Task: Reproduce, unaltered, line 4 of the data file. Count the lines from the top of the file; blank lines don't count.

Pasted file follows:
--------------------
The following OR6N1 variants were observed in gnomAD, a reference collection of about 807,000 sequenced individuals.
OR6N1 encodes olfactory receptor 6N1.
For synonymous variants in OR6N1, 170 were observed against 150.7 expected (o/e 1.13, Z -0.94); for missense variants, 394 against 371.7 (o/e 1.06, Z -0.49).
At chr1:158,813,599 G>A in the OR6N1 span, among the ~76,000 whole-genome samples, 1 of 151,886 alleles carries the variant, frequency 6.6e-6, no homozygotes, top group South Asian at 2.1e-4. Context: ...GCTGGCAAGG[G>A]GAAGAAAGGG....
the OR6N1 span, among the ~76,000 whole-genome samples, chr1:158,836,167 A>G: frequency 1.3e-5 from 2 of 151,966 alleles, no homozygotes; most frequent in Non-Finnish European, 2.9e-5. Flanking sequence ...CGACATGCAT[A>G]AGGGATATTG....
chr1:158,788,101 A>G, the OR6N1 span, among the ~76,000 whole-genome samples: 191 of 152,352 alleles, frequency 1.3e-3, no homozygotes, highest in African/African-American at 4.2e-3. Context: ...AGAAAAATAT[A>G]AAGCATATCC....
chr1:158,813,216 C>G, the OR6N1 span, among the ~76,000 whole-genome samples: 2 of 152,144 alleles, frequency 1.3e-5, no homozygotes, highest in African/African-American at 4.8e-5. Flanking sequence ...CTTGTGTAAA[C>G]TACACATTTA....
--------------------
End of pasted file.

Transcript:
At chr1:158,813,599 G>A in the OR6N1 span, among the ~76,000 whole-genome samples, 1 of 151,886 alleles carries the variant, frequency 6.6e-6, no homozygotes, top group South Asian at 2.1e-4. Context: ...GCTGGCAAGG[G>A]GAAGAAAGGG....